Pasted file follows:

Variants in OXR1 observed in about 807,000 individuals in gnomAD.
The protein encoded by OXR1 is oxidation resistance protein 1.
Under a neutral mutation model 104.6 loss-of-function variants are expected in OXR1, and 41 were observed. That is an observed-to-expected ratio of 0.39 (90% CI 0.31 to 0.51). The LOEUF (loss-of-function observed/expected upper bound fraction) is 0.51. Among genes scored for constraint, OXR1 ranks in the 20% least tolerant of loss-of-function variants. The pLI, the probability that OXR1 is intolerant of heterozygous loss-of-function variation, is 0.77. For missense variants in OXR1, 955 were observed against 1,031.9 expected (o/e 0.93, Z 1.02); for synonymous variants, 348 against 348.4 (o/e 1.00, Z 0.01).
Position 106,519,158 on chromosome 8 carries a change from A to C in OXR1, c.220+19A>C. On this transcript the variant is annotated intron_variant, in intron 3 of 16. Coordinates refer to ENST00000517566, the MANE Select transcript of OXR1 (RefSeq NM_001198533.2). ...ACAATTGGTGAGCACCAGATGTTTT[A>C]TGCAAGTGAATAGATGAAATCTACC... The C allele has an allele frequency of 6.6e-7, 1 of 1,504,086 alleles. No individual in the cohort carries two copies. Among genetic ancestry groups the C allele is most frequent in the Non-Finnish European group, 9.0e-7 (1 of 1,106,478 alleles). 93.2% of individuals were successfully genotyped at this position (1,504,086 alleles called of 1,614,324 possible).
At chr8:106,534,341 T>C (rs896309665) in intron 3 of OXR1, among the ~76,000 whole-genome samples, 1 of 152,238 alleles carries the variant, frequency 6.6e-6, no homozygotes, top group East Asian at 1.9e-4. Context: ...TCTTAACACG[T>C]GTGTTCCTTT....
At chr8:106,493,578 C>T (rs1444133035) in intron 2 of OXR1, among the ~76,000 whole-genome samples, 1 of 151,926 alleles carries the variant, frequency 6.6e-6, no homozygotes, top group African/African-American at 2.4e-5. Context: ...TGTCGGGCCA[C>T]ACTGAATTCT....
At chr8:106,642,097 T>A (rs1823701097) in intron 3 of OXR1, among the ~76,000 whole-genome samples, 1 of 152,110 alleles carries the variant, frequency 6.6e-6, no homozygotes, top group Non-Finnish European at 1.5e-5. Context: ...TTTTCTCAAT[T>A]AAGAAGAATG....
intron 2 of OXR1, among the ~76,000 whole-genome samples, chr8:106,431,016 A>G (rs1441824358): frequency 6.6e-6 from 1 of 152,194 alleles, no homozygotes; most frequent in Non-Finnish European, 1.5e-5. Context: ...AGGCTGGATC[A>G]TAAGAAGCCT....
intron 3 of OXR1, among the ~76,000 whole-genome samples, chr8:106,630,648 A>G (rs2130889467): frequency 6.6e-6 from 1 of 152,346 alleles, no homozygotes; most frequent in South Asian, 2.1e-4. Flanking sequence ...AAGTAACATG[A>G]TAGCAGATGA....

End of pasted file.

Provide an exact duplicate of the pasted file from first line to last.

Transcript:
Variants in OXR1 observed in about 807,000 individuals in gnomAD.
The protein encoded by OXR1 is oxidation resistance protein 1.
Under a neutral mutation model 104.6 loss-of-function variants are expected in OXR1, and 41 were observed. That is an observed-to-expected ratio of 0.39 (90% CI 0.31 to 0.51). The LOEUF (loss-of-function observed/expected upper bound fraction) is 0.51. Among genes scored for constraint, OXR1 ranks in the 20% least tolerant of loss-of-function variants. The pLI, the probability that OXR1 is intolerant of heterozygous loss-of-function variation, is 0.77. For missense variants in OXR1, 955 were observed against 1,031.9 expected (o/e 0.93, Z 1.02); for synonymous variants, 348 against 348.4 (o/e 1.00, Z 0.01).
Position 106,519,158 on chromosome 8 carries a change from A to C in OXR1, c.220+19A>C. On this transcript the variant is annotated intron_variant, in intron 3 of 16. Coordinates refer to ENST00000517566, the MANE Select transcript of OXR1 (RefSeq NM_001198533.2). ...ACAATTGGTGAGCACCAGATGTTTT[A>C]TGCAAGTGAATAGATGAAATCTACC... The C allele has an allele frequency of 6.6e-7, 1 of 1,504,086 alleles. No individual in the cohort carries two copies. Among genetic ancestry groups the C allele is most frequent in the Non-Finnish European group, 9.0e-7 (1 of 1,106,478 alleles). 93.2% of individuals were successfully genotyped at this position (1,504,086 alleles called of 1,614,324 possible).
At chr8:106,534,341 T>C (rs896309665) in intron 3 of OXR1, among the ~76,000 whole-genome samples, 1 of 152,238 alleles carries the variant, frequency 6.6e-6, no homozygotes, top group East Asian at 1.9e-4. Context: ...TCTTAACACG[T>C]GTGTTCCTTT....
At chr8:106,493,578 C>T (rs1444133035) in intron 2 of OXR1, among the ~76,000 whole-genome samples, 1 of 151,926 alleles carries the variant, frequency 6.6e-6, no homozygotes, top group African/African-American at 2.4e-5. Context: ...TGTCGGGCCA[C>T]ACTGAATTCT....
At chr8:106,642,097 T>A (rs1823701097) in intron 3 of OXR1, among the ~76,000 whole-genome samples, 1 of 152,110 alleles carries the variant, frequency 6.6e-6, no homozygotes, top group Non-Finnish European at 1.5e-5. Context: ...TTTTCTCAAT[T>A]AAGAAGAATG....
intron 2 of OXR1, among the ~76,000 whole-genome samples, chr8:106,431,016 A>G (rs1441824358): frequency 6.6e-6 from 1 of 152,194 alleles, no homozygotes; most frequent in Non-Finnish European, 1.5e-5. Context: ...AGGCTGGATC[A>G]TAAGAAGCCT....
intron 3 of OXR1, among the ~76,000 whole-genome samples, chr8:106,630,648 A>G (rs2130889467): frequency 6.6e-6 from 1 of 152,346 alleles, no homozygotes; most frequent in South Asian, 2.1e-4. Flanking sequence ...AAGTAACATG[A>G]TAGCAGATGA....